When it came to eating out, we seldom did. If we could make it, we did. If something broke, we fixed it. If we could not, we “made do,” embarrassed for something new. “Disposable” – as in razors, cups, and bottles – was a relative term; things were only “disposed” when useless.

Of course, even thrift has limits – and we observed them. A broken bottle, week-old stew, cross-threaded screw, well-rusted tool, or bucket with a hole were disposable. Matches, chewing gum, oil, and air filters, not to mention disposable diapers, were used only once.   

Net-net, thrift is an American value, and still is in many places. The value dovetails with limited – not limitless – government. Leaders with a bead on taxpayers should know, if you can save a dollar, do. Until then, “use it up, wear it out, make it do, or do without.” The old mantra is back!

Robert Charles is a former Assistant Secretary of State under Colin Powell, former Reagan and Bush 41 White House staffer, attorney, and naval intelligence officer (USNR). He wrote “Narcotics and Terrorism” (2003), “Eagles and Evergreens” (2018), and is National Spokesman for AMAC.

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PaulE
PaulE
11 months ago

Teaching thrift or simply the concept of limiting spending to living within one’s means is a concept completely foreign to much of Washington, D.C.. Remember, the people in Washington are NOT spending their money, but rather the taxpayers’ money. So there is no personal cost or impact to them. To the vast majority of career politicians, their view is it’s all just numbers on a piece of paper (legislation) or an electronic spreadsheet (the various federal budgets cranked out on an annual basis), that can be changed up or down in seconds. Yes, thrift and living within a defined budget that reflects one’s means is a concept that does still exist in much of America. It just doesn’t happen to exist in Washington, D.C..

anna hubert
anna hubert
11 months ago

Younger entitled generation does not get it that you can not spend more then you bring in I don’t think many people understand that they must make do with what they have or work more if they want more Welfare by design destroyed work ethics to make people slaves of the state An American tragedy

Melinda
Melinda
11 months ago

The old mantra is one I’ve subscribed to all my life (my parents emigrated from Germany during hard times). I think the idea of thrift has been largely lost among people under 60. It seems most have too much debt and can’t stop spending. So they don’t worry about government debt, either. Life is too easy, we need hard times to educate us. The struggle makes life worthwhile.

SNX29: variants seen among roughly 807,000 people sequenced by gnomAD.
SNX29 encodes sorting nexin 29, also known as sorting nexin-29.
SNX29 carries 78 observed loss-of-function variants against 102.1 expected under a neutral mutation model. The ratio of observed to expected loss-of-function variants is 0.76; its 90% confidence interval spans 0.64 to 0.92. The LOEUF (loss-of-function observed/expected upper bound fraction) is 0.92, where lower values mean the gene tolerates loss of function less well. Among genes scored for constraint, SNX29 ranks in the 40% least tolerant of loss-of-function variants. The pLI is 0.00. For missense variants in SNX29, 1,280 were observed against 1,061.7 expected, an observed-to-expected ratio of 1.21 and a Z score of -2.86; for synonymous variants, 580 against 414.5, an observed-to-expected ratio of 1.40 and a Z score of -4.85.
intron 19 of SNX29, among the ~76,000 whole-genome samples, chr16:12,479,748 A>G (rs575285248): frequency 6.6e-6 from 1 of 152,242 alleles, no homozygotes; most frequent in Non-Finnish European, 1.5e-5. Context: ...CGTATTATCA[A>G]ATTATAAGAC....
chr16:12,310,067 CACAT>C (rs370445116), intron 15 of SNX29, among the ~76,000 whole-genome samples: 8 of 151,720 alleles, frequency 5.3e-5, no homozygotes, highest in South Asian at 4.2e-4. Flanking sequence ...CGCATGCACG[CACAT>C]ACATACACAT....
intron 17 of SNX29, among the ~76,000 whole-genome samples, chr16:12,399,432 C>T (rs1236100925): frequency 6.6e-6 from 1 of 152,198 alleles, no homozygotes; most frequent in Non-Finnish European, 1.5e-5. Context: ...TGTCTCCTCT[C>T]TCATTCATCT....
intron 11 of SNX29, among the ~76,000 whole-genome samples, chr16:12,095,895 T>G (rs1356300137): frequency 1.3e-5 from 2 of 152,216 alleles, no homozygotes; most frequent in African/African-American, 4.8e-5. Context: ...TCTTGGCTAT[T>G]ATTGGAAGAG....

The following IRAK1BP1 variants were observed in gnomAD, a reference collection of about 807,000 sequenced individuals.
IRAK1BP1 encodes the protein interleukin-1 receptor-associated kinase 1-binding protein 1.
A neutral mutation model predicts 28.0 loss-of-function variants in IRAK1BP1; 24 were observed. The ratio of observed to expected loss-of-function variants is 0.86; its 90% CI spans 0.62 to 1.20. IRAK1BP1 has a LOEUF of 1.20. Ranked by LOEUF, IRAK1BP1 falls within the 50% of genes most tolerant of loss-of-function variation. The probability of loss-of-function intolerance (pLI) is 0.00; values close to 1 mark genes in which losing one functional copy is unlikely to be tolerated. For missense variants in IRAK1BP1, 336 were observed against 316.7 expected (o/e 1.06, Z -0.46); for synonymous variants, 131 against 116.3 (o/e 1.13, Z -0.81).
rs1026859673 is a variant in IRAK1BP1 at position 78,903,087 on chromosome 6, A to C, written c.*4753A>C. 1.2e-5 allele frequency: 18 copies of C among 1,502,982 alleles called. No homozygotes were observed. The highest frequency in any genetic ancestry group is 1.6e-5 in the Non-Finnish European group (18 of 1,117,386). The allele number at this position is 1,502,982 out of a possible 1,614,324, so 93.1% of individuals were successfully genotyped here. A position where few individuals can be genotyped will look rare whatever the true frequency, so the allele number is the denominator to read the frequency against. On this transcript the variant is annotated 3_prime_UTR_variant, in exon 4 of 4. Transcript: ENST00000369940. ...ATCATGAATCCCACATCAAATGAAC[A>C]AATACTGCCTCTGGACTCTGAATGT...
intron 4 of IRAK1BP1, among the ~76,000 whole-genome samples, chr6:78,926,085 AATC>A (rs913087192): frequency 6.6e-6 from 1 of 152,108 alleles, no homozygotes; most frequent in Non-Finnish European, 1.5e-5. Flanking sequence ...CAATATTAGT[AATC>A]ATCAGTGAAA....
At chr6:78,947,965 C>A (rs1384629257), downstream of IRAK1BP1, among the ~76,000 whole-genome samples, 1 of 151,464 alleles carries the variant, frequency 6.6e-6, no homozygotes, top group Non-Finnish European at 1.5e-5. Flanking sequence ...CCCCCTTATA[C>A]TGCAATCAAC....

Rik
Rik
11 months ago

Thrift is non existent to the vocabulary of today’s so-called Democratic Party Leadership!

Kathy M
Kathy M
11 months ago

I wish Rik’s observation was limited to Dems! Used to be Rep but changed to Indep as not much difference any more.

Laura Bentz
Laura Bentz
11 months ago

The government is broken through reckless spending. How do you propose to fix that? And if money is increasingly inflating every day, how much longer can we survive as a nation? This seems to be just a puff piece praising frugality without any solutions to our dilemma. Maybe because there is no solution except a total turnover of our government which most Americans are reluctant to do. So don’t expect things to get any better. Just tighten our belts more while the bureaucrats in Washington feast on our hard-earned tax dollars… You know you can live on less… or do try to do without…

Pauly Mack
Pauly Mack
11 months ago

We need to get family farmers (not corporation farmers) into Washington, they would show em how to do it right. The only problem for Washington would be farmers wouldn’t take all the vacations/holidays the politicians (Both Republican

Joan Brewer
Joan Brewer
11 months ago

A fine analysis of what’s wrong in Washington. The old saying has come to mind lately, At the advanced age of 91, I have lived with it as a mantra all my days. The result is I have no govt assistance. (My soc. sec amounts to $4.50 per month after Medicare is taken out and the Government Pension Offset does its thing.) Living within your means is the answer.

Pay bills
Pay bills
11 months ago

Stop giving all your money to trump to pay his bills and you will have some money left lol